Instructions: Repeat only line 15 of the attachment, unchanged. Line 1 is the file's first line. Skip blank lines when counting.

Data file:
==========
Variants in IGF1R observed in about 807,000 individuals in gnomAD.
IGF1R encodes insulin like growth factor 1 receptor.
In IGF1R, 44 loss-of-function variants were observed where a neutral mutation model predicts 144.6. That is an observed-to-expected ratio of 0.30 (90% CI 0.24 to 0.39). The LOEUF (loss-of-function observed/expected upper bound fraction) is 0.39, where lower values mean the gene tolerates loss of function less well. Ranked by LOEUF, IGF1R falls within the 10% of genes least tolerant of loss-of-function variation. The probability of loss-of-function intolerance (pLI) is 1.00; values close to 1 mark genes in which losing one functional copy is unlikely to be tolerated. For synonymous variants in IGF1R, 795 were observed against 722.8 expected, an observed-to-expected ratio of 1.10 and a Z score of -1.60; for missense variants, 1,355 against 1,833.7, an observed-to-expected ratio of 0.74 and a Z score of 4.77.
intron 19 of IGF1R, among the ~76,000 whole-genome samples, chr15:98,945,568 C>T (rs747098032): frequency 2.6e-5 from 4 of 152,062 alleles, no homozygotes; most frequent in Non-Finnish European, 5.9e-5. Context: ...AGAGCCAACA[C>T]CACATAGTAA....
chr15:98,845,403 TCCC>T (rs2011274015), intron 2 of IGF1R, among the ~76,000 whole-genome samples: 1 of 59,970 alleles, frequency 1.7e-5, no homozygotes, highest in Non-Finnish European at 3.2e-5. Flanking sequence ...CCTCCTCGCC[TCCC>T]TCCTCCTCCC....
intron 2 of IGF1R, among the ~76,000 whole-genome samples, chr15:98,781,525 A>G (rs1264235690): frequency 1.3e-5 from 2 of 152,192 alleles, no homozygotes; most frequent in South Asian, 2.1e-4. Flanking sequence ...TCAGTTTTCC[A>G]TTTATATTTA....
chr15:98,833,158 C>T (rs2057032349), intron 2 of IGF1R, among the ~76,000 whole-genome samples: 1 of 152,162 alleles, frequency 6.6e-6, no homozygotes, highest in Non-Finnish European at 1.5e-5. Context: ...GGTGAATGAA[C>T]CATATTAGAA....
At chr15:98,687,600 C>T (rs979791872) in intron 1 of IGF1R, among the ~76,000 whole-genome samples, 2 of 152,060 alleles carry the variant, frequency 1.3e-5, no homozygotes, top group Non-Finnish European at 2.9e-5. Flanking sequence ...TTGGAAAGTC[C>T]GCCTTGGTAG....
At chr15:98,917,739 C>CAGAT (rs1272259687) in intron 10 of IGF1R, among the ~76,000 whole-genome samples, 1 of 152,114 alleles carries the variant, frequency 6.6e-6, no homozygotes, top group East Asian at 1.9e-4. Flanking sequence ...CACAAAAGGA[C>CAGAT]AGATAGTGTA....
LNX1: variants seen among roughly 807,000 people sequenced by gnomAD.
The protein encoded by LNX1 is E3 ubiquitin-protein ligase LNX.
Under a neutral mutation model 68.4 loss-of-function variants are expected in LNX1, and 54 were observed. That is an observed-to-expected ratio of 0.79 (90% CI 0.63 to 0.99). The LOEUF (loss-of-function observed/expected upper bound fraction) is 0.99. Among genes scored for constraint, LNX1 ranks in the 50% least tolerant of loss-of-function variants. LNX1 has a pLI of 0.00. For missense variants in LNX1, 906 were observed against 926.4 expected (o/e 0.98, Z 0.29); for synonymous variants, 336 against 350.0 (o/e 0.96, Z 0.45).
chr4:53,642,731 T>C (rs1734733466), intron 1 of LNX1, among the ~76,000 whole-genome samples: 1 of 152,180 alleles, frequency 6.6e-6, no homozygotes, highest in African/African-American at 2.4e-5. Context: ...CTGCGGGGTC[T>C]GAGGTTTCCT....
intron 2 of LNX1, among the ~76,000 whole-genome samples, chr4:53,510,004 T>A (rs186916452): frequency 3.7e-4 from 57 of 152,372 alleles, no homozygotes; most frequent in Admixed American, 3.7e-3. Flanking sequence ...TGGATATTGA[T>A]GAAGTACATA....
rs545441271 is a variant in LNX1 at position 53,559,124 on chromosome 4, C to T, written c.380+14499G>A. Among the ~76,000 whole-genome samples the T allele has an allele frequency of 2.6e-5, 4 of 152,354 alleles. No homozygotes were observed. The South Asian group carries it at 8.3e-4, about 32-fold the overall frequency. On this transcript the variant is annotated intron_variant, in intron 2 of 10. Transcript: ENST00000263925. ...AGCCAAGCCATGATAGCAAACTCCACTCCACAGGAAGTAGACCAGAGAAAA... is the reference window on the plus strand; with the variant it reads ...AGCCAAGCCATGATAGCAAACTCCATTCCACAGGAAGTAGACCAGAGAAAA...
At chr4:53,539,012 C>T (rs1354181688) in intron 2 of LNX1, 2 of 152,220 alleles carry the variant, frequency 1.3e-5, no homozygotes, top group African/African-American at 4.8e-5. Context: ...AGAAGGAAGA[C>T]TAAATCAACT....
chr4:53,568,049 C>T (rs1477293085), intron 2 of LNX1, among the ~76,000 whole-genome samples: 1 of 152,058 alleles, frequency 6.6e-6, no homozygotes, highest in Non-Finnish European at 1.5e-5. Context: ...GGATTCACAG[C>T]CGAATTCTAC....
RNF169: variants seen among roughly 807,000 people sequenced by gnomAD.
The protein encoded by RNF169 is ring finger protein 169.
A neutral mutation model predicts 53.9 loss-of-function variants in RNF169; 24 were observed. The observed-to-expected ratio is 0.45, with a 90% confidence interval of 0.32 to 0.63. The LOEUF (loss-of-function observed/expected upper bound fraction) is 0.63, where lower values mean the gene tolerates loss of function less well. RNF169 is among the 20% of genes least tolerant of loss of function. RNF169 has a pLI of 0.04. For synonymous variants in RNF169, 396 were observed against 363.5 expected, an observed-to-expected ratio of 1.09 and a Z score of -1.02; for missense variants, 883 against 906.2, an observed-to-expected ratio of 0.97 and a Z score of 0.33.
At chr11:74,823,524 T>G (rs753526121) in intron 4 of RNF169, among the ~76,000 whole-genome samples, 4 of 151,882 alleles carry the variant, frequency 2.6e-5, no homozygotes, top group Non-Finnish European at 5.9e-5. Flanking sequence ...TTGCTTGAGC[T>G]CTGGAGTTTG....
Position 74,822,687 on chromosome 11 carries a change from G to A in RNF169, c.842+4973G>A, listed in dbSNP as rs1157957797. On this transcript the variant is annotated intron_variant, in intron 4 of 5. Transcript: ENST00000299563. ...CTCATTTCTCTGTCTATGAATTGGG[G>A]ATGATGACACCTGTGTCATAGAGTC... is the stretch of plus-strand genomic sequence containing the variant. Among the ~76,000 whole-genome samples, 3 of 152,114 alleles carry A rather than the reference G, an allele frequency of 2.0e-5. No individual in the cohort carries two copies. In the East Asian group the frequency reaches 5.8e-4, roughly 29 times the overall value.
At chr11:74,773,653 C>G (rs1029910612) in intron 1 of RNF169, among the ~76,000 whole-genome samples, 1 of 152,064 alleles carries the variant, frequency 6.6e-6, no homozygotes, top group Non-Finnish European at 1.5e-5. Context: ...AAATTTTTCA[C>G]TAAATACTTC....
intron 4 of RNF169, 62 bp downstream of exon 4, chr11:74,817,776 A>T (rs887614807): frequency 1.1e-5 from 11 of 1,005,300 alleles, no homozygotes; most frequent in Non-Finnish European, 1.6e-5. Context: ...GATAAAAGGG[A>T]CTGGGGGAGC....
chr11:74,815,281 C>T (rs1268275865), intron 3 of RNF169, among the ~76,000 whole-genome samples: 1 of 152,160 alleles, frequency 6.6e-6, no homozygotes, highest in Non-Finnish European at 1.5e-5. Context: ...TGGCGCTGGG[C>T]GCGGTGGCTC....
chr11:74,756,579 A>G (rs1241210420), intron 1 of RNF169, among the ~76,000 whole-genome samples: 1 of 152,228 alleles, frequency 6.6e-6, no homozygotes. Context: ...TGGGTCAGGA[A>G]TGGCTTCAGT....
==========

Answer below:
rs545441271 is a variant in LNX1 at position 53,559,124 on chromosome 4, C to T, written c.380+14499G>A. Among the ~76,000 whole-genome samples the T allele has an allele frequency of 2.6e-5, 4 of 152,354 alleles. No homozygotes were observed. The South Asian group carries it at 8.3e-4, about 32-fold the overall frequency. On this transcript the variant is annotated intron_variant, in intron 2 of 10. Transcript: ENST00000263925. ...AGCCAAGCCATGATAGCAAACTCCACTCCACAGGAAGTAGACCAGAGAAAA... is the reference window on the plus strand; with the variant it reads ...AGCCAAGCCATGATAGCAAACTCCATTCCACAGGAAGTAGACCAGAGAAAA...